All of these new things are from God, who reconciled us to himself through Christ and who gave us the ministry of reconciliation. In other words, God was reconciling the world to himself through Christ, by not counting people’s sins against them. He has trusted us with this message of reconciliation. So we are ambassadors who represent Christ. – 2 Corinthians 5:18-20
I know I always seem to be writing about how much I enjoy life, and I readily admit to having an outlook slanted toward the positive.
I understand some people’s cynicism, but I’m honestly not posturing here. I genuinely believe in goodness as a game-changing value, I believe in the power of love to effect positive change, I believe that encouragement is stronger than pessimism, I believe that promise is more compelling than despair, I believe that even the tiniest light always defeats darkness, I believe that grace is more effective than acrimony, I believe that trust can do much more for us than suspicion, and I believe that hope and promise are the most persuasive narratives we can carry into tomorrow.
- I genuinely believe in goodness as a game-changing value,
- I believe in the power of love to effect positive change,
- I believe that encouragement is stronger than pessimism,
- I believe that promise is more compelling than despair
- I believe that even the tiniest light always defeats darkness,
- I believe that grace is more effective than acrimony,
- I believe that trust can do much more for us than suspicion,
- and I believe that hope and promise are the most persuasive narratives we can carry into tomorrow.
And most of all, in the timeless words of Paul, I believe that, “In all these things we are more than conquerors through him who loved us. For I am convinced that neither death, nor life, nor angels, nor rulers, nor things present, nor things to come, nor powers, nor height, nor depth, nor anything else in all creation, will be able to separate us from the love of God in Christ Jesus our Lord” (Romans 8:37-39).
But I don’t just believe life is good, I actually experience life that way.
UNITY: I was thinking about this Wednesday evening, leaving church. Rebekah had come home early, so we could drive in together; the dinner was great, as well as the conversation around the table; then my small-group Bible study was just wonderful. We walked outside together into the perfect early Spring evening, and I drank deeply of the fresh air and the beauty of our life together.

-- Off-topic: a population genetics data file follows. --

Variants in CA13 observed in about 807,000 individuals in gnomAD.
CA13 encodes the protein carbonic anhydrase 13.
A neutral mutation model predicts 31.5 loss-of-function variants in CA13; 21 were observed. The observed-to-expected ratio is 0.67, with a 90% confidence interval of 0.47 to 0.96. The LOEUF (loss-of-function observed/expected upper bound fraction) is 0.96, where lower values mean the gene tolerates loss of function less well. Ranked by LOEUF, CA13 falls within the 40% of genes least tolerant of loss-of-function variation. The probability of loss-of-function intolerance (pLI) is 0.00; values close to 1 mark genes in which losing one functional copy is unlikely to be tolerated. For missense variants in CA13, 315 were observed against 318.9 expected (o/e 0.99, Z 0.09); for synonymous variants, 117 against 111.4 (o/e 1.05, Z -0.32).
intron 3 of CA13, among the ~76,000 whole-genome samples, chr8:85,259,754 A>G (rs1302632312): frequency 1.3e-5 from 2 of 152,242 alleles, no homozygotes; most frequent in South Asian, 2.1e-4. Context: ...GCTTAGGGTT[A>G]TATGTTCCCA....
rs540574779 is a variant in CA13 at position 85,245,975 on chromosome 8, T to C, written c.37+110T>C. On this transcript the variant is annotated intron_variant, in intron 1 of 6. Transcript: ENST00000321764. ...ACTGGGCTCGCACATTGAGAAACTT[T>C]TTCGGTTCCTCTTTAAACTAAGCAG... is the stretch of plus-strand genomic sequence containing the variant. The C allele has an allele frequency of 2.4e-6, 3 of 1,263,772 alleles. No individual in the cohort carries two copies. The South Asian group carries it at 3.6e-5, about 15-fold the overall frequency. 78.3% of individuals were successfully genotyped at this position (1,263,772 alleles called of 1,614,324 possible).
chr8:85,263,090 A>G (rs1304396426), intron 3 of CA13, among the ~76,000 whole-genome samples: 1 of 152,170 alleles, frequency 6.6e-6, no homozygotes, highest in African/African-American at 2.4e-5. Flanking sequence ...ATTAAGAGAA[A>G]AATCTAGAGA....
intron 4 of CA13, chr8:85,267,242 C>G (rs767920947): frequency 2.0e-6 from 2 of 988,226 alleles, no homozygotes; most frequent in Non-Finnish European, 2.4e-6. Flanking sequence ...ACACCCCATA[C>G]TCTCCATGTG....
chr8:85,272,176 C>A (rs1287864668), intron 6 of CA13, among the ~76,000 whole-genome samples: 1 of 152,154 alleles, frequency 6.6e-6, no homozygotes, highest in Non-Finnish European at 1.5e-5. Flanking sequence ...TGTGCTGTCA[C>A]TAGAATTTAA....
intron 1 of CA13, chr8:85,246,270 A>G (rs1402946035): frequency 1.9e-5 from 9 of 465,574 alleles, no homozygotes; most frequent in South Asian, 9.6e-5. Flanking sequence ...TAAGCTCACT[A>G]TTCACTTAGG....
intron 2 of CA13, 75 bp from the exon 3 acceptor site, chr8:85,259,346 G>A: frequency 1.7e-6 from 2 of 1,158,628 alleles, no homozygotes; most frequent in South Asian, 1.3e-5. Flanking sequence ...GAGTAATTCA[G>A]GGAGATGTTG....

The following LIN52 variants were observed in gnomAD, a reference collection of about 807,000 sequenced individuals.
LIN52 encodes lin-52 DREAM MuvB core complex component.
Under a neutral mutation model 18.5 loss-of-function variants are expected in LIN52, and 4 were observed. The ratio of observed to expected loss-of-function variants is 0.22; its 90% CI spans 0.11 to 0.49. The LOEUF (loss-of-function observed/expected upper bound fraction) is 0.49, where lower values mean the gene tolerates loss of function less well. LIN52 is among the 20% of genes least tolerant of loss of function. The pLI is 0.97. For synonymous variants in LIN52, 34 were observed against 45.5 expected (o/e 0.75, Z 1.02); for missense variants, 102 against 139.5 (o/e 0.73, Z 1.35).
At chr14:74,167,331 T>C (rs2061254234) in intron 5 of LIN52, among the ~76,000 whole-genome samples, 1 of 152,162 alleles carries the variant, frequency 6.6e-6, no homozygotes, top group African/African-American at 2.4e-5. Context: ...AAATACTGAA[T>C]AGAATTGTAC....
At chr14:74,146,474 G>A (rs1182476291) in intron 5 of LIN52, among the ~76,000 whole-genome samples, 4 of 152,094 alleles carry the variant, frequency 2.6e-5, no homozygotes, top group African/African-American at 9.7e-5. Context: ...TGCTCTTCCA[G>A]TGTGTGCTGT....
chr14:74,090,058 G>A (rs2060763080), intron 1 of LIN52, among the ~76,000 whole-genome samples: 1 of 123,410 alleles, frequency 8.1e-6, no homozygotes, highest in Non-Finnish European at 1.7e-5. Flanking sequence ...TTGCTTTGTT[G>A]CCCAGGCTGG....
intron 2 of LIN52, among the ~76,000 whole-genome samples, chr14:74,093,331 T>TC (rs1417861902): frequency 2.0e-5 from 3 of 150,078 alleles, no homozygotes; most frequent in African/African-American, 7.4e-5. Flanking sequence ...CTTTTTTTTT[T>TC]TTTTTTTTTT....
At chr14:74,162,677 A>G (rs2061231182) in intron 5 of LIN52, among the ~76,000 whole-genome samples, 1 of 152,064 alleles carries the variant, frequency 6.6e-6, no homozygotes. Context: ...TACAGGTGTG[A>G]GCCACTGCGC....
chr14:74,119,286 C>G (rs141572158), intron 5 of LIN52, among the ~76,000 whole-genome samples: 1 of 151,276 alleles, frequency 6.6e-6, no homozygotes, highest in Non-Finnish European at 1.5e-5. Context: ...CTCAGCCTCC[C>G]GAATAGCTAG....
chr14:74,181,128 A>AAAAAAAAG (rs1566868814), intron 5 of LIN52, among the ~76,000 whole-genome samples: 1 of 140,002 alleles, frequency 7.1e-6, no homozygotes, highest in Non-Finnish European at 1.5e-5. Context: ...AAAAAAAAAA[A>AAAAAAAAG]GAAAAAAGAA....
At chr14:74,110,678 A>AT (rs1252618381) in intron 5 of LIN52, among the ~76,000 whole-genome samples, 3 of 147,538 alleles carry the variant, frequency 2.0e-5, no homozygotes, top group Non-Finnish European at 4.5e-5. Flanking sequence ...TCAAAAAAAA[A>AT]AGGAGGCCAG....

Our discussion in the men’s group had ranged around the payer Jesus offered at The Last Supper. We’re studying Reaching Toward Easter, and I had asked each of the guys to come ready to share an idea, or a paragraph, from the previous week’s readings – something that had either made them think or helped advance their relationship with God.
What we ended up talking about was unity, and about how essentially simple the message of Jesus is when we consider what God purposed to achieve though Christ’s life, relationships, death, and resurrection.
“That they may all be one. As you, Father, are in me and I am in you, may they also be in us, so that the world may believe that you have sent me…” – John 17:21
Jesus came to reconcile us to God, and to one-another. Our unity is Christ’s measure. So that the world may believe.
Like I said, I absolutely believe in the healing power of love.
Rebekah expressed it best (and I’ve probably shared this before) when she answered the nagging cynicism of a preacher who owned a mindset (a spirit-set) that could not accept Rebekah’s consistently positive assessments of ministry, and her experiences as a pastor.
“You’re naive,” he concluded. “One day you’ll catch on.”
“Naive is the wrong word,” she said. “After more than three decades it couldn’t be naiveté – I feel this way about ministry because I believe!”
So Jesus was talking with a man about his child. “Have mercy on us and help us,” he said to Jesus,” if you can….”
Jesus was taken aback. “What do you mean, ‘If I can’?” Jesus asked. “Anything is possible if a person believes.” – Mark 9:21-23
Derek has published seven books in the past decade (you can find them at https://www.amazon.com/Derek-Maul/e/B001JS9WC4), and there’s always something new in the works.
Before becoming a full-time writer, Derek taught public school in Florida for eighteen years, including cutting-edge work with autistic children. He holds bachelor’s degrees in psychology and education from Stetson University and the University of West Florida.
Derek is active in teaching at his church: adult Sunday school, and a men’s Bible study/spiritual formation group. He enjoys the outdoors, traveling, photography, reading, cooking, playing guitar, and golf.